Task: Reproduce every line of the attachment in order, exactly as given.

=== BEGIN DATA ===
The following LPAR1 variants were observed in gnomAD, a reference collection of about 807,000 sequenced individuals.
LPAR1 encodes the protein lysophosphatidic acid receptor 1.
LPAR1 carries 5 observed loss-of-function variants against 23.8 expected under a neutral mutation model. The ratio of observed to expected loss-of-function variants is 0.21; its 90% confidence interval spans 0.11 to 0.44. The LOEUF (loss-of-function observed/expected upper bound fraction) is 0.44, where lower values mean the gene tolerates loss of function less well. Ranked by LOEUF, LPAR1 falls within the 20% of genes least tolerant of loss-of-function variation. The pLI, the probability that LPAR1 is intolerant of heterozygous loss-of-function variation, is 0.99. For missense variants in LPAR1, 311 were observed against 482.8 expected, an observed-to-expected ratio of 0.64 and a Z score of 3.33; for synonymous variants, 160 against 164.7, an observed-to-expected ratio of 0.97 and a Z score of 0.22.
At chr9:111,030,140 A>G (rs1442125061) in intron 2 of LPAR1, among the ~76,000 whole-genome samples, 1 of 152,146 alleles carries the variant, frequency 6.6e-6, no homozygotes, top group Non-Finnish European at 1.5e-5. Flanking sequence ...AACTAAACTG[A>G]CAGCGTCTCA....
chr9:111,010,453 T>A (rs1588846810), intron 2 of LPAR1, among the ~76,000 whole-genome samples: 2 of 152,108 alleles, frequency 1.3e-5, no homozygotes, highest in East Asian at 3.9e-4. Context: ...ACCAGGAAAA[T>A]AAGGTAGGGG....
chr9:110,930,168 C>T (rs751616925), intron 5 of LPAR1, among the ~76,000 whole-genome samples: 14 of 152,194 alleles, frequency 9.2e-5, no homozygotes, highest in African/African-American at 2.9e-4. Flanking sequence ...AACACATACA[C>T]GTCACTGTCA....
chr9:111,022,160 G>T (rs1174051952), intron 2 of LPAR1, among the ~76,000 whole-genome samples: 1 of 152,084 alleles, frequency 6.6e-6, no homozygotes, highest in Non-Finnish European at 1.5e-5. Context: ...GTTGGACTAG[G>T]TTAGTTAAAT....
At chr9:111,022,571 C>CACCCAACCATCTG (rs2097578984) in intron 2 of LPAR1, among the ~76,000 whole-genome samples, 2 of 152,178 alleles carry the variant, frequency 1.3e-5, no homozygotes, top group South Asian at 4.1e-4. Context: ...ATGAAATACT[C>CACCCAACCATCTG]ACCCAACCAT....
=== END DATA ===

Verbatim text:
The following LPAR1 variants were observed in gnomAD, a reference collection of about 807,000 sequenced individuals.
LPAR1 encodes the protein lysophosphatidic acid receptor 1.
LPAR1 carries 5 observed loss-of-function variants against 23.8 expected under a neutral mutation model. The ratio of observed to expected loss-of-function variants is 0.21; its 90% confidence interval spans 0.11 to 0.44. The LOEUF (loss-of-function observed/expected upper bound fraction) is 0.44, where lower values mean the gene tolerates loss of function less well. Ranked by LOEUF, LPAR1 falls within the 20% of genes least tolerant of loss-of-function variation. The pLI, the probability that LPAR1 is intolerant of heterozygous loss-of-function variation, is 0.99. For missense variants in LPAR1, 311 were observed against 482.8 expected, an observed-to-expected ratio of 0.64 and a Z score of 3.33; for synonymous variants, 160 against 164.7, an observed-to-expected ratio of 0.97 and a Z score of 0.22.
At chr9:111,030,140 A>G (rs1442125061) in intron 2 of LPAR1, among the ~76,000 whole-genome samples, 1 of 152,146 alleles carries the variant, frequency 6.6e-6, no homozygotes, top group Non-Finnish European at 1.5e-5. Flanking sequence ...AACTAAACTG[A>G]CAGCGTCTCA....
chr9:111,010,453 T>A (rs1588846810), intron 2 of LPAR1, among the ~76,000 whole-genome samples: 2 of 152,108 alleles, frequency 1.3e-5, no homozygotes, highest in East Asian at 3.9e-4. Context: ...ACCAGGAAAA[T>A]AAGGTAGGGG....
chr9:110,930,168 C>T (rs751616925), intron 5 of LPAR1, among the ~76,000 whole-genome samples: 14 of 152,194 alleles, frequency 9.2e-5, no homozygotes, highest in African/African-American at 2.9e-4. Flanking sequence ...AACACATACA[C>T]GTCACTGTCA....
chr9:111,022,160 G>T (rs1174051952), intron 2 of LPAR1, among the ~76,000 whole-genome samples: 1 of 152,084 alleles, frequency 6.6e-6, no homozygotes, highest in Non-Finnish European at 1.5e-5. Context: ...GTTGGACTAG[G>T]TTAGTTAAAT....
At chr9:111,022,571 C>CACCCAACCATCTG (rs2097578984) in intron 2 of LPAR1, among the ~76,000 whole-genome samples, 2 of 152,178 alleles carry the variant, frequency 1.3e-5, no homozygotes, top group South Asian at 4.1e-4. Context: ...ATGAAATACT[C>CACCCAACCATCTG]ACCCAACCAT....